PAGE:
“C-SPAN’s Cities Tour takes our Book TV and American History TV on the road. On the first and third weekend of each month, we’ll feature the literary life and history of a selected city. Working with our cable partners, our producing team will take specially outfitted Local Content Vehicles (LCVs) into each city, visiting various literary and historic sites as we interview local historians, authors, and civic leaders. We’ll also meet with students, teachers, elected officials, and organizations to talk about C-SPAN’s mission in covering public affairs programming, and what the local connections are to national politics.”
In mid-December several representatives from C-SPAN spent nearly a week in the Wheeling area interviewing local historians like Ohio County Magistrate Joe Roxby, Margaret Brennan, Travis Henline, and Dr. David Javersak.
C-SPAN’s “Cities Tour” is made possible by a partnership with Comcast, and the local segments recorded throughout the week will air on the non-fiction book channel Book TV (on C-SPAN2, Comcast channel 186) on Saturday at 12 p.m., and on the history channel American History TV (on C-SPAN3, Comcast channel 105) on Sunday at 2 p.m..
Each broadcast will be one hour in length.
The selected topics are the following:
Independence Hall, the birthplace of West Virginia;
Earl Oglebay and his contributions to the Wheeling community;
The National Road and the decision to bring it through Wheeling;
The Lincoln Day speech given by U.S. Sen. Joseph McCarthy on Feb. 9, 1950, at the McLure Hotel in downtown Wheeling;
Wheeling’s Frontier Era;
Authors Jeff Rutherford and Dan Weimer;
The special collections within the Ohio County Public Library, including the content archives within the, “Wheeling Room”;
And the Palace of Gold at the New Vrindaban community in Marshall County.
“While we were visiting we were asked several times why we visited the Palace of Gold and why we were planning to include the Hare Krishna on a broadcast that centers on Wheeling,” said Debbie Lamb, the coordinating producer for C-SPAN’s “Cities Tour.” “My immediate answer was that this community had an impact on the entire valley area, especially Wheeling.
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“The people of this valley know a lot about it, and it’s not just because of the scandals and federal investigations, but also because everyone wondered why they would choose the Wheeling area in the first place,” she continued. “I’m looking forward to hearing the reaction from the people in Wheeling once it airs because Wheeling is truly a remarkable place with so much history that we’ll likely have to come back to cover more.”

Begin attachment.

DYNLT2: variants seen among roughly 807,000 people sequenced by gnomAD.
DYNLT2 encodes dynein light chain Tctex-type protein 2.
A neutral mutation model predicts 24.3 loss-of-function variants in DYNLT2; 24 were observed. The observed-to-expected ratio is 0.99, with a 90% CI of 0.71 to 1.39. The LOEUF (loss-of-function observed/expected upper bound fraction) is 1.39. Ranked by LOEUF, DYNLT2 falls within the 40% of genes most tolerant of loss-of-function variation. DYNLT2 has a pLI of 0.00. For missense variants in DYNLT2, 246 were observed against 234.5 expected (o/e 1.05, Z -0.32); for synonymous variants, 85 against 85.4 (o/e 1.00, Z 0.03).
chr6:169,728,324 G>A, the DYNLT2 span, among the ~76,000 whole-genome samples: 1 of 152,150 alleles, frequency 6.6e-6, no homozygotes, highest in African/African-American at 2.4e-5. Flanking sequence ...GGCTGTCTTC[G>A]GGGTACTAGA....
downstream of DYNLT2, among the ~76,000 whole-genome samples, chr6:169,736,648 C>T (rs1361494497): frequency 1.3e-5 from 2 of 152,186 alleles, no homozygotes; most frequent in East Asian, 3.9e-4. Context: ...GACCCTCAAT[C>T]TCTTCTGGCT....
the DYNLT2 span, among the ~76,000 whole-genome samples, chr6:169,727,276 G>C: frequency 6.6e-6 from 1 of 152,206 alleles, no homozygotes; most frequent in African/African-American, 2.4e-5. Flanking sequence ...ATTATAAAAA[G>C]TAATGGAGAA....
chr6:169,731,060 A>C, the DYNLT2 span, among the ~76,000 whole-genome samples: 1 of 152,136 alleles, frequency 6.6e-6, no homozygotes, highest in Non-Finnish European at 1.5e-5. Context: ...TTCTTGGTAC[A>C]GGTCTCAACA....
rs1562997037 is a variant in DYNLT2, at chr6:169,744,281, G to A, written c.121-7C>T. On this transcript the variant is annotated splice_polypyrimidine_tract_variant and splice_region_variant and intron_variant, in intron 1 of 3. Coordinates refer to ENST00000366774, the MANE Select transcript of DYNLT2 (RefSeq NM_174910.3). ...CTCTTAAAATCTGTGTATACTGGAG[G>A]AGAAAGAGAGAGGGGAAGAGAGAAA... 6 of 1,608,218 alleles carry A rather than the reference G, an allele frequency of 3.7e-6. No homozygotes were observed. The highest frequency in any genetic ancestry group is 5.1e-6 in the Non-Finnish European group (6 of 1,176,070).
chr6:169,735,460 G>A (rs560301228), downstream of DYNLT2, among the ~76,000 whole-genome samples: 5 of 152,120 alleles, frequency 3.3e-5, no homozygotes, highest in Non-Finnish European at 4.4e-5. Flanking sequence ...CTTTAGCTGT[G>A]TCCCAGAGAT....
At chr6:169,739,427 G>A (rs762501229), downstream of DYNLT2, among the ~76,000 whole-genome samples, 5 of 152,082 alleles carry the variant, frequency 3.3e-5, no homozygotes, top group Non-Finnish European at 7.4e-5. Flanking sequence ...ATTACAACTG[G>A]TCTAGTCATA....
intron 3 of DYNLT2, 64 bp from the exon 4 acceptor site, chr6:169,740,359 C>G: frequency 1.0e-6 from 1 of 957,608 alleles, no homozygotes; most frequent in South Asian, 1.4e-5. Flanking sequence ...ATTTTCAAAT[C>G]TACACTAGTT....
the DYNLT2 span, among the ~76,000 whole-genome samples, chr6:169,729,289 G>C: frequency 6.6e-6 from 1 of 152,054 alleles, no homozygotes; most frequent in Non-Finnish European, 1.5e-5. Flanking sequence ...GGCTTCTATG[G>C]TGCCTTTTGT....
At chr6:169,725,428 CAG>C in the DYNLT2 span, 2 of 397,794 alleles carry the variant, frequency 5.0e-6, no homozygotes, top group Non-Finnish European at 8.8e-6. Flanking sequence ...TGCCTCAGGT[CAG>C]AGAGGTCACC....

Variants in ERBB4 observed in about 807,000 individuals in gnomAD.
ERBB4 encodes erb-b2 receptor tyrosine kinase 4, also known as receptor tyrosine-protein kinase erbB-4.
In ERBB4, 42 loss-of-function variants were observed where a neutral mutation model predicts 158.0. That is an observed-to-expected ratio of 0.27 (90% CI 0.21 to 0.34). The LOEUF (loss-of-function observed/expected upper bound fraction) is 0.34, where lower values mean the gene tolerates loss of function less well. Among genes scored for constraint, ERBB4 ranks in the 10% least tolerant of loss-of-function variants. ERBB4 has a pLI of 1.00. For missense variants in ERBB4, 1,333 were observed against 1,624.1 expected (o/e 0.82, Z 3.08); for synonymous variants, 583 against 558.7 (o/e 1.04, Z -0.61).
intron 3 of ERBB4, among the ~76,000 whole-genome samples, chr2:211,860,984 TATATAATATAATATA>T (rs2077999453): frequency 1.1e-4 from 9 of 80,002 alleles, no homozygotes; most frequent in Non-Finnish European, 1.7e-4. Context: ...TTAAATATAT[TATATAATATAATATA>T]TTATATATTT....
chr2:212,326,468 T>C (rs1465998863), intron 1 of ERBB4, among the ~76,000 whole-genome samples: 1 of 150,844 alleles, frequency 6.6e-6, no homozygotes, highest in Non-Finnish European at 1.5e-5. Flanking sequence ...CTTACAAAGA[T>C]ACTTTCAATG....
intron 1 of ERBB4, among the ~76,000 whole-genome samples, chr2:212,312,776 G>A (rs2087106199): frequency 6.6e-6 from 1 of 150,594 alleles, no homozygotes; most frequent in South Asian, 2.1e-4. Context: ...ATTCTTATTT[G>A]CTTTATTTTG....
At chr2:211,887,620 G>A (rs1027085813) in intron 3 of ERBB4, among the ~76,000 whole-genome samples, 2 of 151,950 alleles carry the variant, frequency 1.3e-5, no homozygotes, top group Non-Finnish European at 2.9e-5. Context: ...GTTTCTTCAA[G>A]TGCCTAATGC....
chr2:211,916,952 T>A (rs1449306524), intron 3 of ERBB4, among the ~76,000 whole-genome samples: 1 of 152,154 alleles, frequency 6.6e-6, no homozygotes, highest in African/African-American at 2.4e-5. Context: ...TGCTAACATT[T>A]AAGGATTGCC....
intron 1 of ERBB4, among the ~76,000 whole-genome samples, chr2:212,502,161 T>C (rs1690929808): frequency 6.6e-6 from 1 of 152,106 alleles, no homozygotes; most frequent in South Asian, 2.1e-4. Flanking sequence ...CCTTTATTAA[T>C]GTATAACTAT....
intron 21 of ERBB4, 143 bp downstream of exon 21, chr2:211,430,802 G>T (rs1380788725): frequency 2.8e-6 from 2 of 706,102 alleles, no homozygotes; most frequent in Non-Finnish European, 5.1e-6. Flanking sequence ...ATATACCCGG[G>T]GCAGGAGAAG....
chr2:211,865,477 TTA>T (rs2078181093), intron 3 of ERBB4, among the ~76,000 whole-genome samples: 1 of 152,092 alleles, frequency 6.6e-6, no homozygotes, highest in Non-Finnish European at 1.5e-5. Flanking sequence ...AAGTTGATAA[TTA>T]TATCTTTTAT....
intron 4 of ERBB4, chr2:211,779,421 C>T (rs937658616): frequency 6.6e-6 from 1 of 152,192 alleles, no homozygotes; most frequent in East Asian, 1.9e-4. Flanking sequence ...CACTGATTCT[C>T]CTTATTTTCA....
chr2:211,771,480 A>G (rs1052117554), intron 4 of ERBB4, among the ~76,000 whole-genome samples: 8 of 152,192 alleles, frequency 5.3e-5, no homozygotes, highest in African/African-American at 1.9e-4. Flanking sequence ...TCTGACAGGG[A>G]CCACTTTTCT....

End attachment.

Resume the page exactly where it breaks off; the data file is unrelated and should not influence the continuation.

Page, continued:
Travis Henline, site director for Independence Hall, is hopeful the C-SPAN shows will attract more visitors to the former Customs House in downtown Wheeling.
“Thousands of people drive by and walk by this building, and I’m sure the majority of those folks have no idea what we have here inside these walls,” he said. “I really enjoy it when people are viewing the Civil War flag collection we have on the second floor because as soon as they see the first one, the ‘Wow’ factor kicks in.
“Once people get inside, the education begins, and I think what C-SPAN researched while in our city is going to provide a lot of new information for everyone who watches,” he said. “The best part is that if someone doesn’t have the time to watch (this weekend), both shows will be on the C-SPAN website and people will be able to visit the site and watch them as many times as they wish.”
Wheeling vice mayor and Ward Six council representative Gene Fahey said he is most interested in the decision that brought National Road through the middle of the Friendly City. Federal officials at the time, Fahey said, were considering both Pittsburgh and Wellsburg, but not Wheeling.
“Look at what followed National Road. The commerce, the populations, and the Wheeling Suspension Bridge were all results from that one, single decision to bring National Road to Wheeling,” he said. “And then Interstate 70 followed so Wheeling could continue serving as the ‘Gateway to the West.’
“I’m really looking forward to watching both programs, and then hearing the reactions from Wheeling people,” Fahey added. “This is something the Wheeling Convention and Visitors will be able to use in order to attract more tourists to the Valley and something everyone from Wheeling should be proud of. I know I am.”